Startups are the forerunners of today’s entrepreneurial climate. Their leaders are a fearless bunch with a dedicated vision and an enthusiastic workforce. To keep their momentum going strong, every startup employee should list their own objectives and key resources and discuss ways to make the business more effective.
A Lot of Growth, a Lot of Ideas
Startups naturally grow at a rapid rate. Just think how quickly industry leaders like Facebook, Uber and AirBnb grew into multinational organizations. Even local businesses build their user bases quickly. They may not have the international reach of the Internet, but they can capitalize on the trend of shopping within one’s community.
The advantage of quick growth is the benefit of solutions from several different minds. Each person brings something unique to the table and contributes their individual experiences and talents. At the same time, this influx of new people makes it hard to sort through ideas and prioritize what needs to be accomplished.
“Swipely more than doubled its workforce in 2013.”
Goals Hold the Group Together
Angus Davis, CEO of Swipely, knows firsthand how goals align a rapidly developing group. Davis was no stranger to startups or the tech industry – he’d worked at Netscape in 1996, helped launch Mozilla and cofounded Tellme before beginning at his latest venture. Swipely – created to help local businesses with payments, marketing and analytics – more than doubled its workforce in 2013. What started as 30 employees grew to 80 by the end of the year, Davis told First Round. While the company thrived on the outside, things were delicately balanced on the inside. The company culture kept changing in ways employees couldn’t keep up with, and productivity ebbed and flowed as employees came and went. Around the time Swipely gained its 50th member, Davis knew he had to take action.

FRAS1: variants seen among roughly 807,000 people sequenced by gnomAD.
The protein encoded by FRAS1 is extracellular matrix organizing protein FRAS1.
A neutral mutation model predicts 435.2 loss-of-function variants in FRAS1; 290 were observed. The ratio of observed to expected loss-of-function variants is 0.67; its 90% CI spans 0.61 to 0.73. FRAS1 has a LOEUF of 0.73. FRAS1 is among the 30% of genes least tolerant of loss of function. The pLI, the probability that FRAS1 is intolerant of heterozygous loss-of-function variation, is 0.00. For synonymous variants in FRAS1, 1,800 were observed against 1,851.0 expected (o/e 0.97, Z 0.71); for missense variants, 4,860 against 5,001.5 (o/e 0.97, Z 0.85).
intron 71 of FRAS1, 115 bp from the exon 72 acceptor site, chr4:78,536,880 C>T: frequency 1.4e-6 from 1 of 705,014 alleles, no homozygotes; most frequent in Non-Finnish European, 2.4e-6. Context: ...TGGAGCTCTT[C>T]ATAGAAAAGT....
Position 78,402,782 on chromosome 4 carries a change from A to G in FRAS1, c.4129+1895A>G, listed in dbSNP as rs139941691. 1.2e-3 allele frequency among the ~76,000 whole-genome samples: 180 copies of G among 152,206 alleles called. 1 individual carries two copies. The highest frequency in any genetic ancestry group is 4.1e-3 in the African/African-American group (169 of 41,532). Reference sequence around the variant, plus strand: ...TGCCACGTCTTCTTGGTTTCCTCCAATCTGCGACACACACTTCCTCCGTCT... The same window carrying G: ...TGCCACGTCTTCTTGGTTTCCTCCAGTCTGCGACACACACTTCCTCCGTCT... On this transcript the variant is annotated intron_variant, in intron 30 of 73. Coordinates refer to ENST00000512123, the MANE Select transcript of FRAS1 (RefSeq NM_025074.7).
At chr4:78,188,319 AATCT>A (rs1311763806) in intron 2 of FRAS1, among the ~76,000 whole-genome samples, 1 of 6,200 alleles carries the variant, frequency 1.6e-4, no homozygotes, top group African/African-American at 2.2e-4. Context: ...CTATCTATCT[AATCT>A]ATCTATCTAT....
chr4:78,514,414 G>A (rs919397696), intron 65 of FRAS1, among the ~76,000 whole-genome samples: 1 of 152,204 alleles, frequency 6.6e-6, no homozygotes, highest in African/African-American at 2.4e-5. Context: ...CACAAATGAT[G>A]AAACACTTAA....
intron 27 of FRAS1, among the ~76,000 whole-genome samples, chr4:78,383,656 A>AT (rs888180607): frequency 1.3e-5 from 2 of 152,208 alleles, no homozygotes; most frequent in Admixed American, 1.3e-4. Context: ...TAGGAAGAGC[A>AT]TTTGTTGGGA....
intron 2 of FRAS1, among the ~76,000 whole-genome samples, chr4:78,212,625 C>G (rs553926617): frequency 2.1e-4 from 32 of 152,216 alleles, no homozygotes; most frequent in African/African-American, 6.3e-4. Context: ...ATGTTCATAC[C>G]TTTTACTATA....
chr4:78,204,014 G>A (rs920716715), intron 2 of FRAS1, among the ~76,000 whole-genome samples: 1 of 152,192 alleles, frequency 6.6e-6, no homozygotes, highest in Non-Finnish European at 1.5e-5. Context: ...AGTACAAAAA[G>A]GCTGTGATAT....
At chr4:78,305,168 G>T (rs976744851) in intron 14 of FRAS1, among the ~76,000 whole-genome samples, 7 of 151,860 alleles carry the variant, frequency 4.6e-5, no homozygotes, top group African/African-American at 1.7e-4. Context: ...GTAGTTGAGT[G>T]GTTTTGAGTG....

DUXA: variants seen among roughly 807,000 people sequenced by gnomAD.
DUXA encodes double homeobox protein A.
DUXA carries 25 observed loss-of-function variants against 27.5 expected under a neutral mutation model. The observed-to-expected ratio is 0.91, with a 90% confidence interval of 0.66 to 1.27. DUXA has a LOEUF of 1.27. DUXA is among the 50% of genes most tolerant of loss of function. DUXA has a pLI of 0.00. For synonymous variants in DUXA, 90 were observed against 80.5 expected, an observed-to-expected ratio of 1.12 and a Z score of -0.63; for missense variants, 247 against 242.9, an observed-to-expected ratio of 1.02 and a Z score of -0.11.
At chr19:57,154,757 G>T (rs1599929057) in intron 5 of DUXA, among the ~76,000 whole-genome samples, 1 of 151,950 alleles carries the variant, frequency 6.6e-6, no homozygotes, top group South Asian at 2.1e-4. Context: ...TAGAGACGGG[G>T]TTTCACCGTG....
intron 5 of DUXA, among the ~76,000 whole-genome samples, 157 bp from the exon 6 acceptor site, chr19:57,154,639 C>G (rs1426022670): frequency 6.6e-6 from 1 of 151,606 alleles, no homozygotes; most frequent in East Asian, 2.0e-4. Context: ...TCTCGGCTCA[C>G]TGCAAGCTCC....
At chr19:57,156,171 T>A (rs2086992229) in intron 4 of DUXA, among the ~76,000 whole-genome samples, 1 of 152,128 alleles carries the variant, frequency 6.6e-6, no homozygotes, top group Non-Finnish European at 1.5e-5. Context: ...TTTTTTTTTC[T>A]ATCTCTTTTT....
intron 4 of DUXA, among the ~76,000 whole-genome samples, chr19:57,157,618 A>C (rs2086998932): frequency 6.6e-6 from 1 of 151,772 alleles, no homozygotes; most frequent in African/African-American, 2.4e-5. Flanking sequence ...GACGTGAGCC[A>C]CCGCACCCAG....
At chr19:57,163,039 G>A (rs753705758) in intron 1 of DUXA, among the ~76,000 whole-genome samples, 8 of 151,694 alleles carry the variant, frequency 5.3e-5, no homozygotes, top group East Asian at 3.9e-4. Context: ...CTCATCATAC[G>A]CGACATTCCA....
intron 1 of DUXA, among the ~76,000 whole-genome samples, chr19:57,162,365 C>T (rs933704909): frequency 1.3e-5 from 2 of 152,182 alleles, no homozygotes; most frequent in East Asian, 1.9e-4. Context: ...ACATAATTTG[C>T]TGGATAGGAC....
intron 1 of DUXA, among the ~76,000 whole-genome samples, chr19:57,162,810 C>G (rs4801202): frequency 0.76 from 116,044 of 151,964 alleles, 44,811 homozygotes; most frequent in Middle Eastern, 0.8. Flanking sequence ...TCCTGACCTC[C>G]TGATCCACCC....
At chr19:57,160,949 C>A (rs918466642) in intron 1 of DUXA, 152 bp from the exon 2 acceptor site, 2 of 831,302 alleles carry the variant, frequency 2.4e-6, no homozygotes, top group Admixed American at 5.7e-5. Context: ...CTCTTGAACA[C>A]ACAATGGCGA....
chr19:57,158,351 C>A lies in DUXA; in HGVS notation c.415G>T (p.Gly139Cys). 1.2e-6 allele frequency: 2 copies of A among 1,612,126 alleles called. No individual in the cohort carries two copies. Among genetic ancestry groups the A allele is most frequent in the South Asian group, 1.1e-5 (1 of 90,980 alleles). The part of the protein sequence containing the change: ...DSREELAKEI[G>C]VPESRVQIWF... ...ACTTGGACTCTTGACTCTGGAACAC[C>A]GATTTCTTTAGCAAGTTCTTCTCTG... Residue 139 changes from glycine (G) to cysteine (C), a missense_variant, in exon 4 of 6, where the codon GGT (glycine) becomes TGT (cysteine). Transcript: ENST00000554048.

That’s when he implemented a new system, one guided by the success seen at Intel and Google. Davis had each member of his company outline major objectives they wished to accomplish, then list key results to achieve them. These results were measurable courses of action to support a general yet ambitious goal. OKRs – objectives and key results – let his employees, managers and executives communicate with each other and kept everyone aligned in terms of their own goals and company expectations. Davis knew they’d improve his company, and he was right. The new management style helped his business chart $1 billion in sales, a record for Swipely.
A thorough and frequent goal setting structure keeps flourishing organizations working for a unified accomplishment. We at BetterWorks believe OKRs are the key to expanding your business even further.